QUICK SNAP: LIVE FROM LOCARNO
Who says you can’t do it all? Simone (Sol Miranda) is a young Black bisexual Brazilian woman with two very different professions. During the day she is studying to be a public defender, protecting the most vulnerable in contemporary society; by night, she is a cam girl, performing sex acts on camera for male attention. Just by existing, she is everything Jair Bolsonaro hates.
The title shows that anything is possible, even in a country where culture is under attack by bigots like in Brazil. Rule 34 is an internet rule that if you think of something, there will be a pornographic depiction of it online (feel free to close this browser and try it yourself!). People like Simone, although often neglected, genuinely exist, and they deserve their own cinematic portrait.
The good news is that we get a cracking, sparkling, discursive and compelling character study with Julia Murat’s film, examining the boundaries of consent, what it means to seek pain, and the intersection of systemic oppression and personal choice. Simone herself is on a mission to decolonise her own depiction as a black woman online, arguing that much Black BDSM depiction has connotations of slavery. This is linked to the wider difficulties that Black people face in Brazil, as well as women and minorities.
Instead of a simple polemic however, Murat treats us to a film that pushes back against boundaries, while never settling for easy answers. Discussions between the law students are emboldened and intellectual, with few stupid questions and answers, breaking down simple binaries of black/white, male/female, endlessly looking for the grey areas that the law — by its structural nature — cannot find its way around.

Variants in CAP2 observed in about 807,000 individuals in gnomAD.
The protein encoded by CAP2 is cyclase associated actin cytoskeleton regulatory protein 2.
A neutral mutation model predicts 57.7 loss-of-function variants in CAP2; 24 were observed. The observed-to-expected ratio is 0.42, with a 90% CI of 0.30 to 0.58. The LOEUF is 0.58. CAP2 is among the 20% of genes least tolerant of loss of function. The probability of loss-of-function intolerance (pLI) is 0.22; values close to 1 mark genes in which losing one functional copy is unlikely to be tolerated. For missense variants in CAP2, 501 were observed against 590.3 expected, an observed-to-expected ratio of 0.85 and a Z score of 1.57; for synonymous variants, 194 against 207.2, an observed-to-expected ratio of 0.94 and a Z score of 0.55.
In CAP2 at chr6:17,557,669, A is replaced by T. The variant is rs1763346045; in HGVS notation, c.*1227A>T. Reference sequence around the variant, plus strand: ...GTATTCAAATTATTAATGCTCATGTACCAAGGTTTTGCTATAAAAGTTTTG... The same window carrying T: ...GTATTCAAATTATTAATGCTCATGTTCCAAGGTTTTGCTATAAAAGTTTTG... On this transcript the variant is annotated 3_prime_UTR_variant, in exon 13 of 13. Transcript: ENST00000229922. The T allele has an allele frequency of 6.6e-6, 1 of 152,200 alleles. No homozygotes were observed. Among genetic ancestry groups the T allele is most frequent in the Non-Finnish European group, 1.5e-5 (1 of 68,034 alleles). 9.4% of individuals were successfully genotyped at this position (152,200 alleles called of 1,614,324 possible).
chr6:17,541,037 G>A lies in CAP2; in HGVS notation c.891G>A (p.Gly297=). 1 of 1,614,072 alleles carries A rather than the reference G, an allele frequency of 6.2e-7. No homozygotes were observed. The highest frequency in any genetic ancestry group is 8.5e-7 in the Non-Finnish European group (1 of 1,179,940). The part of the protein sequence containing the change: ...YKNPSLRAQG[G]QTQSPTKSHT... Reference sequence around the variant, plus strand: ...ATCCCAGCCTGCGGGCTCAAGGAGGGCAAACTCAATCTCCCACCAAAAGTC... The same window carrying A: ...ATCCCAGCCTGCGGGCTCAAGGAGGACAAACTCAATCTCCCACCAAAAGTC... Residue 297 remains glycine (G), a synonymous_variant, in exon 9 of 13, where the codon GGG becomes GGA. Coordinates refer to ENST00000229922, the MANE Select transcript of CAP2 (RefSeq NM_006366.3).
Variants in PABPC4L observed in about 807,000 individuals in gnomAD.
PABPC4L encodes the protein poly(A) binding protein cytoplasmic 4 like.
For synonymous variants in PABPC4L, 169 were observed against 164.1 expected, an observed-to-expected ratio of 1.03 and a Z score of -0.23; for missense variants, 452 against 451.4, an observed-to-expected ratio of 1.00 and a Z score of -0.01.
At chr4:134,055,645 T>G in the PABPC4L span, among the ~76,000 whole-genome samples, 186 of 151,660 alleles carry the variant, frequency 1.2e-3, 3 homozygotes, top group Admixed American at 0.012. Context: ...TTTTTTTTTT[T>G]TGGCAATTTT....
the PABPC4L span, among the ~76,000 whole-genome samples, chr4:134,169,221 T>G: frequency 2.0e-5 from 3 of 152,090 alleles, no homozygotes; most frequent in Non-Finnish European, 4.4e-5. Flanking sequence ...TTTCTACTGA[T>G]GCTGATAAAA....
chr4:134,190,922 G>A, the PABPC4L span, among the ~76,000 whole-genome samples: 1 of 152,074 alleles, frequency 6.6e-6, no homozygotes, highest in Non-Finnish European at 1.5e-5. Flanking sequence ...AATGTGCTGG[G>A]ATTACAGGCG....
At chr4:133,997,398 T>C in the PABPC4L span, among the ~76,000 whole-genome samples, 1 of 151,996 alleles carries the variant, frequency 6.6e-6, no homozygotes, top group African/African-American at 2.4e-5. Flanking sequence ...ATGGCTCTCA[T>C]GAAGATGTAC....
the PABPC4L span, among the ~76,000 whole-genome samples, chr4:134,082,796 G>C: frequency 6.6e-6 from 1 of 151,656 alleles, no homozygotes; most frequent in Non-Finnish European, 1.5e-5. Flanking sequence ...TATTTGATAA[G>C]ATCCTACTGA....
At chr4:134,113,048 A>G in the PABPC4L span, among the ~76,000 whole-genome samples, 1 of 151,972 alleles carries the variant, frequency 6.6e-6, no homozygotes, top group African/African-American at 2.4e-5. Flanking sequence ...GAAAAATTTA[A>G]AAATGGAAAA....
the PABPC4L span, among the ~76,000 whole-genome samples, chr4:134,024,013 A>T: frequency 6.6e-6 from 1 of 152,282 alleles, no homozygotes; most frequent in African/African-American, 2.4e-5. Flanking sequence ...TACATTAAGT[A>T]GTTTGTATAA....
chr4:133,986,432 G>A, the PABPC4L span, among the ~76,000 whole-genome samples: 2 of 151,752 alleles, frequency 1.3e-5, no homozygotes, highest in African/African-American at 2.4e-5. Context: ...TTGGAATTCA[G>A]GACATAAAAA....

But if the law cannot provide closure or liberation, perhaps sex can. Simone is in a ménage à trois with two of her fellow students, male and female alike, freely showing what can happen when people are informed of what they want to do with their own bodies. Murat makes some bold choices here, displaying full-frontal nudity, asphyxiation, spanking and choking; the likes of which could easily be exploitive in the hands of another director. All the time, however, Simone is looking to push the boundaries, resulting in a spiky feminist film that is both exciting to watch and thought-provoking at the same time.
At the centre is Miranda herself, who has no difficulty holding the attention of the camera as the film intuitively edits between different moments of her life, showing the full, complex spectrum of her character. At one point, she just sits alone and eats what appears to be an onion. It should be a kind of throwaway scene, but in the hands of an actor this assured, it had me strangely compelled. The kind of performance that can change the entire tenor of a film, it’s no wonder Murat chooses to end the film on a close-up. With a face that cinematic, it would be rude not to.
Rule 34 Locarno Film Festival plays as part of the Concorso internazionale at the , running from 3-13th August.